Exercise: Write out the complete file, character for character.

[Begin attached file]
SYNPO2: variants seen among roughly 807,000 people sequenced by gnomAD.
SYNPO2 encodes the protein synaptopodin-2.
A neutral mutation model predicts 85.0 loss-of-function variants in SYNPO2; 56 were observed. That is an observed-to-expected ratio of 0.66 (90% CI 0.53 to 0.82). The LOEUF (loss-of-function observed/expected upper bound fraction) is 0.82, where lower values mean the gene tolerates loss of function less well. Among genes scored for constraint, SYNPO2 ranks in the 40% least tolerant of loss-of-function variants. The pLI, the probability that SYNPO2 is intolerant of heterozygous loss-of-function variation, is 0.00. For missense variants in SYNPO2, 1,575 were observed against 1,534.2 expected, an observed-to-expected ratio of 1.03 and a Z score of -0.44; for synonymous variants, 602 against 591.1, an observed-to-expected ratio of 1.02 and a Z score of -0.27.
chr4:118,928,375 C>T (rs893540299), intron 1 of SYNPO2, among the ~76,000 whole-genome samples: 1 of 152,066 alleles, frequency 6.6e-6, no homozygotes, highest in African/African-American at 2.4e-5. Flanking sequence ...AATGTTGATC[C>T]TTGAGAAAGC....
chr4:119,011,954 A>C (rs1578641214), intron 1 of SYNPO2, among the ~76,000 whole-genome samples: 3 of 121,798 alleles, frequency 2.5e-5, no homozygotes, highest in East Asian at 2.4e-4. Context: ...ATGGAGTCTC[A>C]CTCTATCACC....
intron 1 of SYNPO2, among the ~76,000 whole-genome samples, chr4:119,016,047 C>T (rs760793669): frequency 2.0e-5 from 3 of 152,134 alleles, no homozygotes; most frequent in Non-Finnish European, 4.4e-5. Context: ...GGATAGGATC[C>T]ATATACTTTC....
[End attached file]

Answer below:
SYNPO2: variants seen among roughly 807,000 people sequenced by gnomAD.
SYNPO2 encodes the protein synaptopodin-2.
A neutral mutation model predicts 85.0 loss-of-function variants in SYNPO2; 56 were observed. That is an observed-to-expected ratio of 0.66 (90% CI 0.53 to 0.82). The LOEUF (loss-of-function observed/expected upper bound fraction) is 0.82, where lower values mean the gene tolerates loss of function less well. Among genes scored for constraint, SYNPO2 ranks in the 40% least tolerant of loss-of-function variants. The pLI, the probability that SYNPO2 is intolerant of heterozygous loss-of-function variation, is 0.00. For missense variants in SYNPO2, 1,575 were observed against 1,534.2 expected, an observed-to-expected ratio of 1.03 and a Z score of -0.44; for synonymous variants, 602 against 591.1, an observed-to-expected ratio of 1.02 and a Z score of -0.27.
chr4:118,928,375 C>T (rs893540299), intron 1 of SYNPO2, among the ~76,000 whole-genome samples: 1 of 152,066 alleles, frequency 6.6e-6, no homozygotes, highest in African/African-American at 2.4e-5. Flanking sequence ...AATGTTGATC[C>T]TTGAGAAAGC....
chr4:119,011,954 A>C (rs1578641214), intron 1 of SYNPO2, among the ~76,000 whole-genome samples: 3 of 121,798 alleles, frequency 2.5e-5, no homozygotes, highest in East Asian at 2.4e-4. Context: ...ATGGAGTCTC[A>C]CTCTATCACC....
intron 1 of SYNPO2, among the ~76,000 whole-genome samples, chr4:119,016,047 C>T (rs760793669): frequency 2.0e-5 from 3 of 152,134 alleles, no homozygotes; most frequent in Non-Finnish European, 4.4e-5. Context: ...GGATAGGATC[C>T]ATATACTTTC....